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# Is it possible to select numbers by their digit parity?

Posted 10 years ago
 Let's say I have a list of all the 3 digit numbers from 100 to 999 and I want to select those that have an {even, odd, even} parity digit pattern like 204, 678, etc. Is this possible using Select, or Cases or even Pick for I have tried all with no success? The nearest I came to some sort of selection was with this code.FromDigits /@ Cases[IntegerDigits /@ Range[100, 999], {EvenQ_, OddQ_, EvenQ_}]but as you can see the results are far from the desired outcome.Paul.
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Posted 10 years ago
 Just for fun: the 900 numbers can be partitioned  by the parity of the integer digits. Of the 8 (2x2x2) patterns the 4 which start with an odd number: they ae of size 125  (5 x5 x5) and the 4 starting with even number are of size 100 (4x5x5): 900=4 x125 +4x100.You can partition into these equivalence classes: num = GatherBy[Range[100, 999], EvenQ /@ IntegerDigits@# &];You can visualize;Grid[{StringJoin[EvenQ /@ IntegerDigits@#[[1]] /. {True -> "E", False -> "O"}],Grid[Partition[#, 25]]} & /@ num, Frame -> All]
Posted 10 years ago
 Hello Paul,Hmmm, perhaps it is a matter of taste. But for this:mylist = IntegerDigits /@ Range[100, 999]Cases[mylist,{a_, b_, c_} /;EvenQ[a] && OddQ[b] && EvenQ[c]]I would translate the last line in english as something like.Find those elements  in mylist which are a list of length three.Each time a list of three is found, temporarily name the first element a, the second element b, and the third element c.Finally, accept those elements where a is even, b is odd, and c is even.If you cut and paste this into the help browser (tutorial/PuttingConstraintsOnPatterns) you will see examples of the /;  and _? usage.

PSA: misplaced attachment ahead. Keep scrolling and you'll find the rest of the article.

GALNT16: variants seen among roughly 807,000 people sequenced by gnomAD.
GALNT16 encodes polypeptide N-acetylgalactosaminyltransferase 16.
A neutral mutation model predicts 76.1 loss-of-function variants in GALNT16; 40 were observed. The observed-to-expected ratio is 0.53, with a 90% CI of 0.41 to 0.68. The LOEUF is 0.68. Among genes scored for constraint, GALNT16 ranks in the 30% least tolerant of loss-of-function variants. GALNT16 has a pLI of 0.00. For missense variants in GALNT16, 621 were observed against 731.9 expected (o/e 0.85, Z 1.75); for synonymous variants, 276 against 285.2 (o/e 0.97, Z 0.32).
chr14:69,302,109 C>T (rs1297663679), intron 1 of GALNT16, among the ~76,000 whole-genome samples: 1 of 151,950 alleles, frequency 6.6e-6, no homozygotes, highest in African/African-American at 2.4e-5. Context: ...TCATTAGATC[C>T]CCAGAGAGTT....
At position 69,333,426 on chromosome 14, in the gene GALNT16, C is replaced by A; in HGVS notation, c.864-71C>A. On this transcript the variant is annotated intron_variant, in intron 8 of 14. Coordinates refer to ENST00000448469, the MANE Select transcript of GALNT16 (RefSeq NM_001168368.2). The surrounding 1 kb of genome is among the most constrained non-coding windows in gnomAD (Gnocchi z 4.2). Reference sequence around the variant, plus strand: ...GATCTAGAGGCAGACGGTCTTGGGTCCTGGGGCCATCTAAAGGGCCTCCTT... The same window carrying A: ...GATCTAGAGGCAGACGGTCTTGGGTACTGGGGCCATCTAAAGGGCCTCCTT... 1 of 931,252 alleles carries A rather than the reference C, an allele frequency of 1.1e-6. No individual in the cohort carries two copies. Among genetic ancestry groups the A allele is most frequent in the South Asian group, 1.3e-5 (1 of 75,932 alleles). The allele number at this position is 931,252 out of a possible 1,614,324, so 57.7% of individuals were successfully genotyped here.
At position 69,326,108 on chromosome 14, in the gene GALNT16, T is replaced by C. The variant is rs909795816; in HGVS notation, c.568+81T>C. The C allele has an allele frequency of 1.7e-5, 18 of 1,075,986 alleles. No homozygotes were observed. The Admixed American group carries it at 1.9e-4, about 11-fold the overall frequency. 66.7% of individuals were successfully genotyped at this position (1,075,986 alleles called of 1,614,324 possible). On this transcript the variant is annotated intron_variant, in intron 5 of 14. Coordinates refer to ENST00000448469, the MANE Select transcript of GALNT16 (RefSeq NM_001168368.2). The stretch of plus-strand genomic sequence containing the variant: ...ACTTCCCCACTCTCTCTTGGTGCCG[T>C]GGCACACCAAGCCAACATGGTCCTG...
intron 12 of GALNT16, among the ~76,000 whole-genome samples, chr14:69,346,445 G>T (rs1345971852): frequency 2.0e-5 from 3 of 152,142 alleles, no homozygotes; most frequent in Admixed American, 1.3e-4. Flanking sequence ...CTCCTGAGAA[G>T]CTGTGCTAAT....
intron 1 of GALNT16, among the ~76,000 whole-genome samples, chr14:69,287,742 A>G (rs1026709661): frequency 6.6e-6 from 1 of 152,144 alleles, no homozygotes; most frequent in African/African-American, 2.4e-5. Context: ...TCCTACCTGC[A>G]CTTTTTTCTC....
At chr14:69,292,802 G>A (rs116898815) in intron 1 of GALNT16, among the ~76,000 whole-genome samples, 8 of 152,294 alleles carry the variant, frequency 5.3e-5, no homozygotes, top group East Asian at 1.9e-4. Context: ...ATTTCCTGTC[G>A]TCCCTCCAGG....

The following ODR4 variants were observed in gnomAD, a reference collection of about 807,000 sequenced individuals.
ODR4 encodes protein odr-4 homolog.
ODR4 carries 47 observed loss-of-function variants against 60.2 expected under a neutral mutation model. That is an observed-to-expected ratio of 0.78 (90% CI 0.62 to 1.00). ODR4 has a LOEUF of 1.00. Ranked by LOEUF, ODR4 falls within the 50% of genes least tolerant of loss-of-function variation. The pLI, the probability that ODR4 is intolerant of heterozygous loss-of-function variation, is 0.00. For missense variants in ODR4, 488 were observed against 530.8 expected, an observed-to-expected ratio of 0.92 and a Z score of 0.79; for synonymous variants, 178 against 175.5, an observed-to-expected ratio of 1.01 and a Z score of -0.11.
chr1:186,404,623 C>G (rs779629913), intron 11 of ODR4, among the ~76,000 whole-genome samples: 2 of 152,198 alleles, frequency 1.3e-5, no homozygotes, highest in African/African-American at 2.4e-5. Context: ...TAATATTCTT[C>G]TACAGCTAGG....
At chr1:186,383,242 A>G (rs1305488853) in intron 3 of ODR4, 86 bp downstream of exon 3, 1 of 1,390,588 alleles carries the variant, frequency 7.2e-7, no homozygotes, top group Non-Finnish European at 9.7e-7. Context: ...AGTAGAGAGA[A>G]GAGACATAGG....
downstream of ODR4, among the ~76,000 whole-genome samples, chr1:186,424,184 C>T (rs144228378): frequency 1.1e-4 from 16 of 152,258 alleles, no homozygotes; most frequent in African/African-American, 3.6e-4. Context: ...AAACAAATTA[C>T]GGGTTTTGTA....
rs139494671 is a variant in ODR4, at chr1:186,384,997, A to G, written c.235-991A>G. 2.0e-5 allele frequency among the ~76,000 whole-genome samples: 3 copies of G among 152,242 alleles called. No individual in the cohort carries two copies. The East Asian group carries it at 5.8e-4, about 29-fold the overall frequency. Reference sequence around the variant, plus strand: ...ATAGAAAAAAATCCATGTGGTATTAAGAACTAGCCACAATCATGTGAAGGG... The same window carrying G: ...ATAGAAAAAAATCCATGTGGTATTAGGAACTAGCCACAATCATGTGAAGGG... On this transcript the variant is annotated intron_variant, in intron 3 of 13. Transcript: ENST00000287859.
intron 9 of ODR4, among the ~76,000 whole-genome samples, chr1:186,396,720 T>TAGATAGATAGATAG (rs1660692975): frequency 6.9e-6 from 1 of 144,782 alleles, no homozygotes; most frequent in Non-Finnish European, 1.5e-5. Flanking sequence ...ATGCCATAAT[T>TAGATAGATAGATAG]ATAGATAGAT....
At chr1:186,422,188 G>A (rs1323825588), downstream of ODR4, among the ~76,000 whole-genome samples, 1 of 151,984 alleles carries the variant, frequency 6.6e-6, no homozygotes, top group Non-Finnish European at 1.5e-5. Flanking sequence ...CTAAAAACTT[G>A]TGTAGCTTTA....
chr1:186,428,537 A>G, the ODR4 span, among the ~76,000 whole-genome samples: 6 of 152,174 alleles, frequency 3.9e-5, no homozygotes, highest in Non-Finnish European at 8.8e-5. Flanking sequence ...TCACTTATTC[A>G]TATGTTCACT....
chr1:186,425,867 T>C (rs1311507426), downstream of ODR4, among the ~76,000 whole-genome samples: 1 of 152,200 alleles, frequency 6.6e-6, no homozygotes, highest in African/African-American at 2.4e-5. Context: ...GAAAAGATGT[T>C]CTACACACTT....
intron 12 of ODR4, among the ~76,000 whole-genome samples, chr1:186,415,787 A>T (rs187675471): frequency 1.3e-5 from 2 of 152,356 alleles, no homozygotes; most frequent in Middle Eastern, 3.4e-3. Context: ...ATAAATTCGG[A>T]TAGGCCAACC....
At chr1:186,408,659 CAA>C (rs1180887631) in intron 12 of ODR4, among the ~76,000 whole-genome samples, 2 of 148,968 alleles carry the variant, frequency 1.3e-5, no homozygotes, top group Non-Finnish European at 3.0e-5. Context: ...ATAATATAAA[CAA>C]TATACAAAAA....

Posted 10 years ago
 I tried using the method in the documentation simmilar to your method, namely this.Cases[{{1, 2}, {2}, {3, 4, 1}, {5, 4}, {3, 3}}, {a_, b_} -> a + b]and replacing the -> a + b with -> EvenQ[a] && OddQ[b] && EvenQ[c]and that didnt work either, which brings me back to the documentation where the syntax in your method isnt shown, i.e. the "/:" instead of "->".  So again I appreciate your input on this. and as you say the way you used it is easier to read.Paul.
Posted 10 years ago
 Hello Paul,I think it must be documented where pattern constraints are discussed. But, I think if I were writing it for myself, I would have been more long-winded:FromDigits/@Cases[IntegerDigits /@ Range[100, 999], {a_, b_, c_} /;EvenQ[a] && OddQ[b] && EvenQ[c]]I find the above easier to read.....Using Select may be faster.
Posted 10 years ago
 You can do this in a number of ways. Here are 2.list = Range[100, 999];result = FromDigits /@ Cases[IntegerDigits /@ list, {_?EvenQ, _?OddQ, _?EvenQ}];Or you could just construct you list:answer = FromDigits /@Tuples[{Range[2, 8, 2], Range[1, 9, 2], Range[0, 8, 2]}];Some other approaches:Select[list, EvenQ /@ IntegerDigits@# == {True, False, True} &]orPick[list, EvenQ /@ (IntegerDigits /@ list), {True, False, True}]
Posted 10 years ago
 Fantastic, All working as expected now, thank you very much for the quick reply.   Btw, is that a documented method?  as it doesn't look familiar.Paul.
Posted 10 years ago
 You were very close...FromDigits /@ Cases[IntegerDigits /@ Range[100, 999], {_?EvenQ, _?OddQ, _?EvenQ}]